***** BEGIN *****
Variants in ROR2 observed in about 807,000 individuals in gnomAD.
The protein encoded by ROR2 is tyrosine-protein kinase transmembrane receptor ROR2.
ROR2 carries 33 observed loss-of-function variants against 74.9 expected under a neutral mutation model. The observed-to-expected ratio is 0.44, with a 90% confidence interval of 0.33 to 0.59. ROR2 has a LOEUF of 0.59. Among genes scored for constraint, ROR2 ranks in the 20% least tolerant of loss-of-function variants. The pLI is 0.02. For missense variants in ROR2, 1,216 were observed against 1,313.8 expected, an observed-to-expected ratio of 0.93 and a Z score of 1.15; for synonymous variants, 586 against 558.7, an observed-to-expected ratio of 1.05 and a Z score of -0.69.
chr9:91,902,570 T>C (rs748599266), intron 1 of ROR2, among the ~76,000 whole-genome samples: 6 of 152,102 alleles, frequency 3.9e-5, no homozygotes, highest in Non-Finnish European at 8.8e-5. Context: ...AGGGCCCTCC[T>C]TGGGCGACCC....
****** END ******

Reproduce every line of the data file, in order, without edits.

Variants in ROR2 observed in about 807,000 individuals in gnomAD.
The protein encoded by ROR2 is tyrosine-protein kinase transmembrane receptor ROR2.
ROR2 carries 33 observed loss-of-function variants against 74.9 expected under a neutral mutation model. The observed-to-expected ratio is 0.44, with a 90% confidence interval of 0.33 to 0.59. ROR2 has a LOEUF of 0.59. Among genes scored for constraint, ROR2 ranks in the 20% least tolerant of loss-of-function variants. The pLI is 0.02. For missense variants in ROR2, 1,216 were observed against 1,313.8 expected, an observed-to-expected ratio of 0.93 and a Z score of 1.15; for synonymous variants, 586 against 558.7, an observed-to-expected ratio of 1.05 and a Z score of -0.69.
chr9:91,902,570 T>C (rs748599266), intron 1 of ROR2, among the ~76,000 whole-genome samples: 6 of 152,102 alleles, frequency 3.9e-5, no homozygotes, highest in Non-Finnish European at 8.8e-5. Context: ...AGGGCCCTCC[T>C]TGGGCGACCC....